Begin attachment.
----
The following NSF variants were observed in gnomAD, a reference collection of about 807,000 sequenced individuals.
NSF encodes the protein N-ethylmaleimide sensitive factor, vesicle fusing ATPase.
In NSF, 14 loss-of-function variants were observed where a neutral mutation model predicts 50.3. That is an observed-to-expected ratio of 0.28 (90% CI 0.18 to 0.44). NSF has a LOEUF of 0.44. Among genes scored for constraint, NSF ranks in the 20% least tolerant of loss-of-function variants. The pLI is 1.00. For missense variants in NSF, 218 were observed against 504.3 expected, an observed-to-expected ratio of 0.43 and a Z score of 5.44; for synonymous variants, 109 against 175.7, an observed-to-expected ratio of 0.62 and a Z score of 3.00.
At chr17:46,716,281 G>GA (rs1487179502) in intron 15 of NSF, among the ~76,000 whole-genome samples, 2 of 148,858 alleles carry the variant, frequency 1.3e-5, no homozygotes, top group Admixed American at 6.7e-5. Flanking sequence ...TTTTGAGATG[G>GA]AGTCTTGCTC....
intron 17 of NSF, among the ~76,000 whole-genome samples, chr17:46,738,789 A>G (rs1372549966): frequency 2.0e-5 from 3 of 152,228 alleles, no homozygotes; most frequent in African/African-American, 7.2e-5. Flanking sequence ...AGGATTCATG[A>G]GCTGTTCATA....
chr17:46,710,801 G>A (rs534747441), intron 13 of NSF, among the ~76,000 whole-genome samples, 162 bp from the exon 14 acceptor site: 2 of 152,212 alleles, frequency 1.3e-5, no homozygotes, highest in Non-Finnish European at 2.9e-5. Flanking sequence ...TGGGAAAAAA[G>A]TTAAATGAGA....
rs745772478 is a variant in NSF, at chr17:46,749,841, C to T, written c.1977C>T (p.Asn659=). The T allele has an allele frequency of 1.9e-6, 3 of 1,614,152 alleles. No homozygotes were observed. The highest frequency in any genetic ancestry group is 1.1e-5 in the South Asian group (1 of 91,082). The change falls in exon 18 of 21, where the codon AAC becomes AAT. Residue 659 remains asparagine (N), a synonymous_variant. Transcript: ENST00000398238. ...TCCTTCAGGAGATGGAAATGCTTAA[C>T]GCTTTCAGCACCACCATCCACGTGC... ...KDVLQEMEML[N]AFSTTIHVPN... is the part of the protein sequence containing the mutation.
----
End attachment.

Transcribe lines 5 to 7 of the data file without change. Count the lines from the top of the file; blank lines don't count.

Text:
intron 17 of NSF, among the ~76,000 whole-genome samples, chr17:46,738,789 A>G (rs1372549966): frequency 2.0e-5 from 3 of 152,228 alleles, no homozygotes; most frequent in African/African-American, 7.2e-5. Flanking sequence ...AGGATTCATG[A>G]GCTGTTCATA....
chr17:46,710,801 G>A (rs534747441), intron 13 of NSF, among the ~76,000 whole-genome samples, 162 bp from the exon 14 acceptor site: 2 of 152,212 alleles, frequency 1.3e-5, no homozygotes, highest in Non-Finnish European at 2.9e-5. Flanking sequence ...TGGGAAAAAA[G>A]TTAAATGAGA....
rs745772478 is a variant in NSF, at chr17:46,749,841, C to T, written c.1977C>T (p.Asn659=). The T allele has an allele frequency of 1.9e-6, 3 of 1,614,152 alleles. No homozygotes were observed. The highest frequency in any genetic ancestry group is 1.1e-5 in the South Asian group (1 of 91,082). The change falls in exon 18 of 21, where the codon AAC becomes AAT. Residue 659 remains asparagine (N), a synonymous_variant. Transcript: ENST00000398238. ...TCCTTCAGGAGATGGAAATGCTTAA[C>T]GCTTTCAGCACCACCATCCACGTGC... ...KDVLQEMEML[N]AFSTTIHVPN... is the part of the protein sequence containing the mutation.